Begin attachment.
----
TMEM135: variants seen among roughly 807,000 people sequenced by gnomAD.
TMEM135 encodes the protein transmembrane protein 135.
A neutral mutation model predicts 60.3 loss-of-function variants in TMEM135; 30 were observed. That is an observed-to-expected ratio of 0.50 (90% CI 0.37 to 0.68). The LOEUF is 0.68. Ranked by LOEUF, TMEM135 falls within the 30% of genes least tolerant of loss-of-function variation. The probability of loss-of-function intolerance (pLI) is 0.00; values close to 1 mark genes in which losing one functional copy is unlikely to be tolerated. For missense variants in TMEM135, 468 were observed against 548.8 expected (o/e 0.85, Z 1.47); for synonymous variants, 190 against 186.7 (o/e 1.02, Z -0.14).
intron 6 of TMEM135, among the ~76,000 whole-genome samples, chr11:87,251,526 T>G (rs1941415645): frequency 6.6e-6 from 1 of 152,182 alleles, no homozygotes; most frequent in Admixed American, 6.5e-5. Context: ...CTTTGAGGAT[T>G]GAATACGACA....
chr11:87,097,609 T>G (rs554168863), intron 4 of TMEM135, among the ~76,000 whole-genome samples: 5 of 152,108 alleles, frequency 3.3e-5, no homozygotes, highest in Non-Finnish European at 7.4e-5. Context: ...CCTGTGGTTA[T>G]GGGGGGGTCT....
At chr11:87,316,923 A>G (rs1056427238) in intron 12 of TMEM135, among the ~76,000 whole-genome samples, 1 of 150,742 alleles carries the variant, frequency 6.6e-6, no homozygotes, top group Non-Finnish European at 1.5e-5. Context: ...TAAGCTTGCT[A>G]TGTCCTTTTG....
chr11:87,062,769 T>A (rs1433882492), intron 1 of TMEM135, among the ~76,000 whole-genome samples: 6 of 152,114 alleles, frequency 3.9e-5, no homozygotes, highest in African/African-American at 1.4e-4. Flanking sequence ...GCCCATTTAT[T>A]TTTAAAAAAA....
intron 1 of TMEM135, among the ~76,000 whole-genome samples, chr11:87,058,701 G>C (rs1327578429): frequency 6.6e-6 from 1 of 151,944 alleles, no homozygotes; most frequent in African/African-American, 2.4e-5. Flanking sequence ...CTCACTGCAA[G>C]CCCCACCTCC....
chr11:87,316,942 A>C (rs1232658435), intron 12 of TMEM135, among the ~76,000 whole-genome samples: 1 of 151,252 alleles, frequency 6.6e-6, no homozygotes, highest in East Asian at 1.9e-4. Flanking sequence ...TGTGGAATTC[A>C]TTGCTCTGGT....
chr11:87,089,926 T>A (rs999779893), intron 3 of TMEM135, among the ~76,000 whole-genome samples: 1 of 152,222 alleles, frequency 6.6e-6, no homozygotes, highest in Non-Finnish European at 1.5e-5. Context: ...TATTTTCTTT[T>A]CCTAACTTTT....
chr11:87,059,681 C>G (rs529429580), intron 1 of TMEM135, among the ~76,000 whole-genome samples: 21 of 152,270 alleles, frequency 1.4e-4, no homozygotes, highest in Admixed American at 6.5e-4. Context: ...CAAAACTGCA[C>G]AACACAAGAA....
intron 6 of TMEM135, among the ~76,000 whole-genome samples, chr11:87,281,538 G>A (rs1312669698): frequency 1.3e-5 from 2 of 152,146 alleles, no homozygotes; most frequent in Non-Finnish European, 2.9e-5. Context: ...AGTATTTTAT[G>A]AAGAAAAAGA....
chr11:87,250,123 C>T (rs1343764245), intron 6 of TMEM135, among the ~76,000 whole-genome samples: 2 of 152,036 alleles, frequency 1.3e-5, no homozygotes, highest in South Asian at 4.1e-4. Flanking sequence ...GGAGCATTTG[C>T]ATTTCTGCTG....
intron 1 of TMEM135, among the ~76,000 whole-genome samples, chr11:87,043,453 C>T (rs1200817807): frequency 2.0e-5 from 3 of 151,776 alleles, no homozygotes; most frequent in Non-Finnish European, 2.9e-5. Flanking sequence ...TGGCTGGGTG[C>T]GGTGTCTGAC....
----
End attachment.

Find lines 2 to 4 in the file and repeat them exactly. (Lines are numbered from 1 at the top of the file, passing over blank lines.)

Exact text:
TMEM135 encodes the protein transmembrane protein 135.
A neutral mutation model predicts 60.3 loss-of-function variants in TMEM135; 30 were observed. That is an observed-to-expected ratio of 0.50 (90% CI 0.37 to 0.68). The LOEUF is 0.68. Ranked by LOEUF, TMEM135 falls within the 30% of genes least tolerant of loss-of-function variation. The probability of loss-of-function intolerance (pLI) is 0.00; values close to 1 mark genes in which losing one functional copy is unlikely to be tolerated. For missense variants in TMEM135, 468 were observed against 548.8 expected (o/e 0.85, Z 1.47); for synonymous variants, 190 against 186.7 (o/e 1.02, Z -0.14).
intron 6 of TMEM135, among the ~76,000 whole-genome samples, chr11:87,251,526 T>G (rs1941415645): frequency 6.6e-6 from 1 of 152,182 alleles, no homozygotes; most frequent in Admixed American, 6.5e-5. Context: ...CTTTGAGGAT[T>G]GAATACGACA....